This is the end result of a few hours of work and $60 because I didn't have a 1/4" NPT tap in any of my kits. I could have done this for less-than $40. The BG products were donated to the cause.
The REASON you want to use 20 PSI is precisely because of how peak-hold type injectors work. The injector signal sends a 4v spike to open a peak-hold type injector quickly, then maintains its open condition with only 1 volt. Really, it's a current thing and there's a longer explanation, but that's it in a nutshell. When you put the injector in its operating pressure, it takes more than a AA battery to open it, but you don't want to sustain that much current with a momentary switch and your expensive injectors. This isn't in the video because this warning wouldn't be as clear. Unless you can simulate the injector pulse precisely, don't try it. 1.5v is enough to open it below its operating pressure. If you open it and THEN apply pressure, you can flow as much pressure as you can throw at it.
I don't discourage anyone from getting their injectors professionally cleaned and balanced, but in my case, I didn't feel that was necessary.
In my first video, I thanked the seller for these injectors and happy to know I got a great deal on high quality parts. My gratitude is even greater because I had problems with them. It gave me an opportunity to help others troubleshoot these kinds of problems when purchasing used parts. A different idiot might have blamed the seller for peddling crap, demanding their money back... but that would only be because they didn't even know what they were looking at.
This particular idiot knows what high quality parts RC injectors are and how to clean 'em. $250 + $60 still means I saved about $150 on a brand new set. We all benefit because I bought these and I'm grateful! Let the good times roll.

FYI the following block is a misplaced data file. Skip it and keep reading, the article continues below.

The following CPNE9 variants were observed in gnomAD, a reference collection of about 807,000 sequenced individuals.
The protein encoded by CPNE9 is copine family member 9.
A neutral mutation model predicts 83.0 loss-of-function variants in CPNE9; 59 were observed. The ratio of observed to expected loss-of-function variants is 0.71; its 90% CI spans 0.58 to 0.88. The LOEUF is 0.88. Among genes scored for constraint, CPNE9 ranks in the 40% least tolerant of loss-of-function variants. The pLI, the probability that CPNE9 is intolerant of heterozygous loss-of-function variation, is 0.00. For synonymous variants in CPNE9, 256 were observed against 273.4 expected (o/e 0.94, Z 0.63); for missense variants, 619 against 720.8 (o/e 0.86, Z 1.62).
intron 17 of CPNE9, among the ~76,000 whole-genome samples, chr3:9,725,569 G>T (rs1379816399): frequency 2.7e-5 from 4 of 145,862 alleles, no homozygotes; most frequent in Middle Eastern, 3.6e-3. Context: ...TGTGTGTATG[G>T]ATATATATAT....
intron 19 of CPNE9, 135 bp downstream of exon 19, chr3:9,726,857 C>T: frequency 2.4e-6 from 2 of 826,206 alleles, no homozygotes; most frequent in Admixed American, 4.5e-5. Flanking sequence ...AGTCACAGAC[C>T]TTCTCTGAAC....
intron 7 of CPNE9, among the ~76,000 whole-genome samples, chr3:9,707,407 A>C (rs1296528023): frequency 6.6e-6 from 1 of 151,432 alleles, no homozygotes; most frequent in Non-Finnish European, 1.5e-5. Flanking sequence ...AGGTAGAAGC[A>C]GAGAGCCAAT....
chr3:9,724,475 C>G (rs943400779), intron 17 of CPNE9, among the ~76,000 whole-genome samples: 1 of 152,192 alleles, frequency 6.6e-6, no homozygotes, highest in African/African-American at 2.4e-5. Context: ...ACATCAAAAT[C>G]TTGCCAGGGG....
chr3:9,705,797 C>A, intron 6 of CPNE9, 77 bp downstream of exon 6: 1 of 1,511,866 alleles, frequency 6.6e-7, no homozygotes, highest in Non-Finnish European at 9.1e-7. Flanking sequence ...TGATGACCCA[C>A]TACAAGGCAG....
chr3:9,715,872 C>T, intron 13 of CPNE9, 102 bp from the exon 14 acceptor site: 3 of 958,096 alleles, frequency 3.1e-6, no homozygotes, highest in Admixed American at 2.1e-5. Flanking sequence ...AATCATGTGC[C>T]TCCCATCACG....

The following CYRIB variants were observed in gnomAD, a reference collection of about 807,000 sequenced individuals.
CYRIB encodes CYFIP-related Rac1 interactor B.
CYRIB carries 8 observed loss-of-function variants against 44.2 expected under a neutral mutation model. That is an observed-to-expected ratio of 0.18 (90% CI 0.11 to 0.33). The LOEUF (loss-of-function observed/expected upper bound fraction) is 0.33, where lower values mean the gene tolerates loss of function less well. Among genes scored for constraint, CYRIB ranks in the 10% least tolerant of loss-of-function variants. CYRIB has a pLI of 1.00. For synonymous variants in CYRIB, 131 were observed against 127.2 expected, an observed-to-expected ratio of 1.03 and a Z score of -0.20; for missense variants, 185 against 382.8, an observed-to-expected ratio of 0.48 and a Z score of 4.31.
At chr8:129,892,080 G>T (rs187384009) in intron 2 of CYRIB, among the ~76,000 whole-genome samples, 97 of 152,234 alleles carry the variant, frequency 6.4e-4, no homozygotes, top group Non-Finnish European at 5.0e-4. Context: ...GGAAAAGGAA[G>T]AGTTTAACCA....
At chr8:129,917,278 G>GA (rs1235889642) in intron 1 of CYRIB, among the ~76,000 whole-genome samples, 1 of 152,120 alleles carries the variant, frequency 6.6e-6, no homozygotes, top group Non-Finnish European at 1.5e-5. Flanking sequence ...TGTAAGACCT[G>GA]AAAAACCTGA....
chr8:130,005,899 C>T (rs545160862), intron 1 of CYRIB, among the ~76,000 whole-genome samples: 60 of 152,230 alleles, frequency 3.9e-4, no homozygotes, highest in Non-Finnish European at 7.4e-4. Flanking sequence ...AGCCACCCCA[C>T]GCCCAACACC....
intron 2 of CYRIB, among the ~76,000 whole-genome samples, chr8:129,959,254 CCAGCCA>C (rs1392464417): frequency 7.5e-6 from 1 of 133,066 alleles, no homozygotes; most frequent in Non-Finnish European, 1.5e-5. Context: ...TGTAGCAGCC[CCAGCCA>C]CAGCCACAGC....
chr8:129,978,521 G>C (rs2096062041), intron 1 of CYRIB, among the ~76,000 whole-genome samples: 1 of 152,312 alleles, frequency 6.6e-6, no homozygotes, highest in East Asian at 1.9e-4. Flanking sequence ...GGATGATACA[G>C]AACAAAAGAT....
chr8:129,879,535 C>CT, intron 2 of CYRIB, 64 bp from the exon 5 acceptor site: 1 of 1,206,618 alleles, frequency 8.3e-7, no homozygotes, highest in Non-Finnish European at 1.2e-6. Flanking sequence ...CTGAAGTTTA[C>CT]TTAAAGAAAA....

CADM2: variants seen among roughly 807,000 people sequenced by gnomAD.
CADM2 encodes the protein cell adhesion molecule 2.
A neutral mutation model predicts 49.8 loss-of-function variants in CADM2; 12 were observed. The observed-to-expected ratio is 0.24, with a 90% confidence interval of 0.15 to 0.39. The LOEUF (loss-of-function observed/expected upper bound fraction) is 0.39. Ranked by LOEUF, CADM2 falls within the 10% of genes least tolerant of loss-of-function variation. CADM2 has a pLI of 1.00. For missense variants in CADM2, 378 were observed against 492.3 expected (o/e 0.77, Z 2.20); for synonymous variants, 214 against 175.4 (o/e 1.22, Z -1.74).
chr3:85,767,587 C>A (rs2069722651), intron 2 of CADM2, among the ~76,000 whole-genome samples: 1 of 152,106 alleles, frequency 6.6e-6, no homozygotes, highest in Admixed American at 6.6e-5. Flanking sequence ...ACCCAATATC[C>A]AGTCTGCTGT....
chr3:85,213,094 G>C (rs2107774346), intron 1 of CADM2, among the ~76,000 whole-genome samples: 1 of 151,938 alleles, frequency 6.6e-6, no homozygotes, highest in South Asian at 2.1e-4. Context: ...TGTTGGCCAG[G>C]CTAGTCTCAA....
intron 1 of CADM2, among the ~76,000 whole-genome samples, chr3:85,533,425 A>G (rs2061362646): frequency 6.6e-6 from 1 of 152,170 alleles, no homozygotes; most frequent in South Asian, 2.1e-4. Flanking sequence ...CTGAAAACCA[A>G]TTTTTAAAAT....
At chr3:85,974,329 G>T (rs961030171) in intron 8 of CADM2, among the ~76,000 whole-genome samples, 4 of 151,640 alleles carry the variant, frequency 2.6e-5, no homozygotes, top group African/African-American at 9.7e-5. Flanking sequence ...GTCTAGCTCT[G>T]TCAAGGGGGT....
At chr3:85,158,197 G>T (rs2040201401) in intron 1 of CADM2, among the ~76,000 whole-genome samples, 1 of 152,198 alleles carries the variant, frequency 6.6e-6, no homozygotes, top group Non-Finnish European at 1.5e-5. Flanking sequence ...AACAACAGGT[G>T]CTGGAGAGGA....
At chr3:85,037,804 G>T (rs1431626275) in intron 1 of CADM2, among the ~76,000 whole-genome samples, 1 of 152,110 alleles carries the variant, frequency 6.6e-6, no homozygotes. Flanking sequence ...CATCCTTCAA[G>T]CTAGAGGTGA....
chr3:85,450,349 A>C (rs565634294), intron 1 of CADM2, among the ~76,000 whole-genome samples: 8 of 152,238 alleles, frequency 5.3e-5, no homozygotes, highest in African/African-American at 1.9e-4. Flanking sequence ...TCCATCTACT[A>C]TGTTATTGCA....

Solving Engine Performance Issues (Part 1) - EricTheCarGuy
Visit me at: http://www.ericthecarguy.com/
See Part 2
Leak down testing
I get a lot of questions via email and over at the forum about the steps to
take when you encounter a performance issue like my Subaru's hesitation
issue and I often feel like I sound like a broken record when I cover the
basic steps that I cover when encountering a situation like that. My main
point here is that if you have a performance problem and you're going to
throw parts at the problem start with the basics before you to off and
start replacing sensors that you suspect are a problem, if you don't have
evidence of a faulty sensor then don't start there start with the simple
tune up items and check for vacuum leaks and air leaks as I've shown here
and I believe you'll have better results and save yourself some money in
the process. In short the rule of KISS applies, Keep It Simple Stupid.
If you have questions about your own engine performance issues head over to
my website and either ask the search function or ask the forum, we'd be
happy to help.
Click below and Stay Dirty
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